A Tale of a Block & Other Musings

Who You Gonna  Call?  Blockbusters!

Seriously, the Ghost Busters jingle was echoing through my head all through our latest What Women Want Radio Show broadcast.  We’ve all had blocks.  We’ve all been stuck.  We’ve all had that same issue come back over and over again and smack us in the face (or rear).

colleen

Listen to Dr. Colleen Mullen, celebrity therapist, and Jennifer Longmore, intuitive healer, discuss the many facets of being blocked, and most importantly, how to overcome it on this week’s installment What Women Want Talk Radio.

A Tale of a Block.

Once upon a time, in a summer stock theater troupe in a galaxy far far away,  I was assigned to play one of those obscure Shakespearean characters. This was one of those comedic relief characters in the heavy drama right before the king gets killed.  If you are an actor, you know these characters exist in the Bard’s work and they are hard to nail. Mine was the Duchess of York in Richard II.  In many productions of the play, this scene and this character are cut.

Shakespeare Quartos Project
Image from Wikimedia Commons.

Weeks of rehearsal and the director’s input were more about purging the bad choices than discovering the good.  It was trial-and-error and both trial-by-fire AND error at the same time, almost all the weeks of working the scene on stage.   I couldn’t wrap my mind around this quirky character in this equally off-the-wall scene.  People wanted to get to the poetic and tragic death of the king, right?  I was frustrated.

It wasn’t until I owned the character’s block as my block that I did finally break through.

 

Here’s how.

The group I was working with paid special attention to the meter of the verse and had a process of using the verse as the momentum of the emotion.  My meter was irregular.  Great.  Irregular scene, quirky character with irregular meter.  Awesome.  So reading the scene for the umpteenth time, I decided to make her obstacles my obstacles and my thoughts about those obstacles hers.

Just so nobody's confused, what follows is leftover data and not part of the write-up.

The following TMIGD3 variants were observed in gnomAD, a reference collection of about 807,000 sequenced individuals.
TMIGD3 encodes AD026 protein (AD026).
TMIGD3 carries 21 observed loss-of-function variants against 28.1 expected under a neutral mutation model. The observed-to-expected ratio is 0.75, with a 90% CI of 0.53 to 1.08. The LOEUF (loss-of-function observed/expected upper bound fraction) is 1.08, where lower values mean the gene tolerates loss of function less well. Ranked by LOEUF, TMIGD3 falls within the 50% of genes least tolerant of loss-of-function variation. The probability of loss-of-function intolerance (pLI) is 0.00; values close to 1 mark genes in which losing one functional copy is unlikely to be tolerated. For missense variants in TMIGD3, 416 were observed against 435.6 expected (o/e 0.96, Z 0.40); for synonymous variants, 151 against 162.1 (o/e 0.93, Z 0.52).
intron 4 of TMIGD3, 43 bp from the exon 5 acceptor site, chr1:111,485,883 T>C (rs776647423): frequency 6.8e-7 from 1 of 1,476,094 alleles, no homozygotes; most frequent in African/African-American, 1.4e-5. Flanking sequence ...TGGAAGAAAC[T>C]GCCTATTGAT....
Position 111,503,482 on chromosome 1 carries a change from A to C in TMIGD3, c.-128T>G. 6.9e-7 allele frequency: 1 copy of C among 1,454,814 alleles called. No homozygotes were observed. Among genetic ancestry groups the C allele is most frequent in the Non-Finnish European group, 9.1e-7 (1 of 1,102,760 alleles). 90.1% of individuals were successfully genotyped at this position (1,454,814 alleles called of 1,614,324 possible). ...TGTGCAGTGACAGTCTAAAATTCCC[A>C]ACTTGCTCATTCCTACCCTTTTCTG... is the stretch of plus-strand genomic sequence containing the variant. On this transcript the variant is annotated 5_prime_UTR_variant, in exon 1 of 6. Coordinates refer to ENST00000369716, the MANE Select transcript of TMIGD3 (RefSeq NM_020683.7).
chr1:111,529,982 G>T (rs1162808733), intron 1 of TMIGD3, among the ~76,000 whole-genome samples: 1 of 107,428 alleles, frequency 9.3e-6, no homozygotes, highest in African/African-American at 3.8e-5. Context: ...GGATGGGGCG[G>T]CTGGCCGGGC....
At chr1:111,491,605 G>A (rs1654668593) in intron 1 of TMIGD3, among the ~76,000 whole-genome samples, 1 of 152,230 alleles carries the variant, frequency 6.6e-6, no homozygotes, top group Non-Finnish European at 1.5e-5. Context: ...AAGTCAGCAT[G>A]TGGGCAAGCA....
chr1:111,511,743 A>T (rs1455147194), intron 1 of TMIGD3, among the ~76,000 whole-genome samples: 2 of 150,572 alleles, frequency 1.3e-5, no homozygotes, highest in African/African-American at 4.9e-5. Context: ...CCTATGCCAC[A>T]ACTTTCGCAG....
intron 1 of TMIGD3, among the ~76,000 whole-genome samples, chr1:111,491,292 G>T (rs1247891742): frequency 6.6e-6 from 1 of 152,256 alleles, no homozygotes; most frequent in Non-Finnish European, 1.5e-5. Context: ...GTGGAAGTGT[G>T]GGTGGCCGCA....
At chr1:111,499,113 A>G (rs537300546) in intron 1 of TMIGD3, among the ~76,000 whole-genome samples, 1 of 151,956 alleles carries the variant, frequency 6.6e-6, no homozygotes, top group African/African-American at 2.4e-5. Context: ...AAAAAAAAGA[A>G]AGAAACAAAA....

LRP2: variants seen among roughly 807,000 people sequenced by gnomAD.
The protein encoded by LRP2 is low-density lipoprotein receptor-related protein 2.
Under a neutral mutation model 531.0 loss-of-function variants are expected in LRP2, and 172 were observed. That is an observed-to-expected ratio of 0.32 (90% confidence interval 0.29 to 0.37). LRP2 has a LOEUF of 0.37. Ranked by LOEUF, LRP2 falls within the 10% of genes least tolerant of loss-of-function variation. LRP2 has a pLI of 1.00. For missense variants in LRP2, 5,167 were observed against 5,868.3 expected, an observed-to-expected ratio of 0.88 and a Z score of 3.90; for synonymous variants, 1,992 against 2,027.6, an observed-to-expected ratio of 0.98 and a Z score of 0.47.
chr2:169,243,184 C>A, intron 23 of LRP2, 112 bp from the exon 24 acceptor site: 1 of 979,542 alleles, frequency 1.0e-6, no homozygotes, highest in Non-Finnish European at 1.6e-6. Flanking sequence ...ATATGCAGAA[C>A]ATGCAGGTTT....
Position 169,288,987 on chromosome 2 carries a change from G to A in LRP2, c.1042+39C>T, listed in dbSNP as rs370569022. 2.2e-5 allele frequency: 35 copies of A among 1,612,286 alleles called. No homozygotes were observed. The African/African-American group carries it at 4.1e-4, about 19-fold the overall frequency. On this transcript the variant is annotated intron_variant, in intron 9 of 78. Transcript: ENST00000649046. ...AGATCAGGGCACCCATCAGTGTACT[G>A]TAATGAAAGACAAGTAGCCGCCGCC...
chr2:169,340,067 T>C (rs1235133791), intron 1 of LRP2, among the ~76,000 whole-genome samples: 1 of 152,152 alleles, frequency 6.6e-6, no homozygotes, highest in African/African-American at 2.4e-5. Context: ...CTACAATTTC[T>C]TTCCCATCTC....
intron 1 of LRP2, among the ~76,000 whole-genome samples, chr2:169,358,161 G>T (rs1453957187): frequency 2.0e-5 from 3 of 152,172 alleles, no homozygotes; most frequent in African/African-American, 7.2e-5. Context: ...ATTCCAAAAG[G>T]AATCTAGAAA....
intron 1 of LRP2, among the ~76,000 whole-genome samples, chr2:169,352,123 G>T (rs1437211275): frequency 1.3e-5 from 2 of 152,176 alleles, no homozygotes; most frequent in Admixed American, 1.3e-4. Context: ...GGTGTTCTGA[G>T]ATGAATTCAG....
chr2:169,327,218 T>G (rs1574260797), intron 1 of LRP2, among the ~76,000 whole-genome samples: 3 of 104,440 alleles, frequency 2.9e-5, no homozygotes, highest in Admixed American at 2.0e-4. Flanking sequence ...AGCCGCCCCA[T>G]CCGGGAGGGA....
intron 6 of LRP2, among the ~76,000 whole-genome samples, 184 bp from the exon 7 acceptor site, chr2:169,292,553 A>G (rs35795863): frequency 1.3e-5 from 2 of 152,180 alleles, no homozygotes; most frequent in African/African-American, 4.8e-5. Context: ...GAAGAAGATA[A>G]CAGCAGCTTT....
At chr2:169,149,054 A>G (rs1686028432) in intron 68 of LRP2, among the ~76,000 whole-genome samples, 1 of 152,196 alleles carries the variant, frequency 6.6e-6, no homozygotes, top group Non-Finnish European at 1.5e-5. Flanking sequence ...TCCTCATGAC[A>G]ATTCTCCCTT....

What was her obstacle?

Getting in the door-literally.  In the scene, the character was locked out of a room.

I decided to improvise using a make-shift battering ram.  Using the sound effect value of the battering ram helped me focus my intentions, beat (literally) the pesky meters and own it.  I made a big, bold choice and it worked for me.

So, not of all of us are going to have to delve into weird characters in the Bard’s world, but we may get handed a sort of surreal set of circumstances.

Tips:

Own the block—cautiously.  Don’t make harsh judgments about yourself.  There’s a language difference between “I am blocked,” and “I am experiencing a block”.  Verbs move you through.  Adjectives might weigh you down.

Identify the most basic part of the obstacle.  What’s your basic objective or intention? Start there and get specific.  If it’s a conceptual block, try externalizing (mind-mapping, modeling). Perhaps it needs to get out of the head and into the body or on paper.

What is not working?  Keep discarding the things that are not yielding the results you want.  Keep at it.  Keep moving.  Don’t let the block weigh you down spiritually or emotionally.

Make a big, bold choice when it makes sense.  If it doesn’t work, discard.

 

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